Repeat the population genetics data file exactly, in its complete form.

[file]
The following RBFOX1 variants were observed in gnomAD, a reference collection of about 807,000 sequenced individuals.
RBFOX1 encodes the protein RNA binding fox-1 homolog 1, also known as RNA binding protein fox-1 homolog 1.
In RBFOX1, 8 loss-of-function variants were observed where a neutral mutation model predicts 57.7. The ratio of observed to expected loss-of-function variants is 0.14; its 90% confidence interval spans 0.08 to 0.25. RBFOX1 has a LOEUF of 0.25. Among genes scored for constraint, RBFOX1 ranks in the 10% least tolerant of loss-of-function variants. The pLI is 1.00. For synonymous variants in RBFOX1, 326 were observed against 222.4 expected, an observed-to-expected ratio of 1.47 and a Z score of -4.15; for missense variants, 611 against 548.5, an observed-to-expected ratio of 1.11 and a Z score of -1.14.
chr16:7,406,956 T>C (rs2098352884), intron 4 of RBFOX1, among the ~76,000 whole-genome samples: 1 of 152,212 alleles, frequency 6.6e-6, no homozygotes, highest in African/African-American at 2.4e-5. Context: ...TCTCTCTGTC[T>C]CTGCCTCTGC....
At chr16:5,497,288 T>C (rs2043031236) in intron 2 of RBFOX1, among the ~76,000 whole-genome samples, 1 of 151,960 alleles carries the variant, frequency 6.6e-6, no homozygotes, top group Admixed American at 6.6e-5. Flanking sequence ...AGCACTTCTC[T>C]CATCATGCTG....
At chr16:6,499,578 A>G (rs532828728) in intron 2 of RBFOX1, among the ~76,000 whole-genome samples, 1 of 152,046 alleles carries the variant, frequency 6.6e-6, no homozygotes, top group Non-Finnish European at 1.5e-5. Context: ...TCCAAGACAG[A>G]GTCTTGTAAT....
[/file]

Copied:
The following RBFOX1 variants were observed in gnomAD, a reference collection of about 807,000 sequenced individuals.
RBFOX1 encodes the protein RNA binding fox-1 homolog 1, also known as RNA binding protein fox-1 homolog 1.
In RBFOX1, 8 loss-of-function variants were observed where a neutral mutation model predicts 57.7. The ratio of observed to expected loss-of-function variants is 0.14; its 90% confidence interval spans 0.08 to 0.25. RBFOX1 has a LOEUF of 0.25. Among genes scored for constraint, RBFOX1 ranks in the 10% least tolerant of loss-of-function variants. The pLI is 1.00. For synonymous variants in RBFOX1, 326 were observed against 222.4 expected, an observed-to-expected ratio of 1.47 and a Z score of -4.15; for missense variants, 611 against 548.5, an observed-to-expected ratio of 1.11 and a Z score of -1.14.
chr16:7,406,956 T>C (rs2098352884), intron 4 of RBFOX1, among the ~76,000 whole-genome samples: 1 of 152,212 alleles, frequency 6.6e-6, no homozygotes, highest in African/African-American at 2.4e-5. Context: ...TCTCTCTGTC[T>C]CTGCCTCTGC....
At chr16:5,497,288 T>C (rs2043031236) in intron 2 of RBFOX1, among the ~76,000 whole-genome samples, 1 of 151,960 alleles carries the variant, frequency 6.6e-6, no homozygotes, top group Admixed American at 6.6e-5. Flanking sequence ...AGCACTTCTC[T>C]CATCATGCTG....
At chr16:6,499,578 A>G (rs532828728) in intron 2 of RBFOX1, among the ~76,000 whole-genome samples, 1 of 152,046 alleles carries the variant, frequency 6.6e-6, no homozygotes, top group Non-Finnish European at 1.5e-5. Context: ...TCCAAGACAG[A>G]GTCTTGTAAT....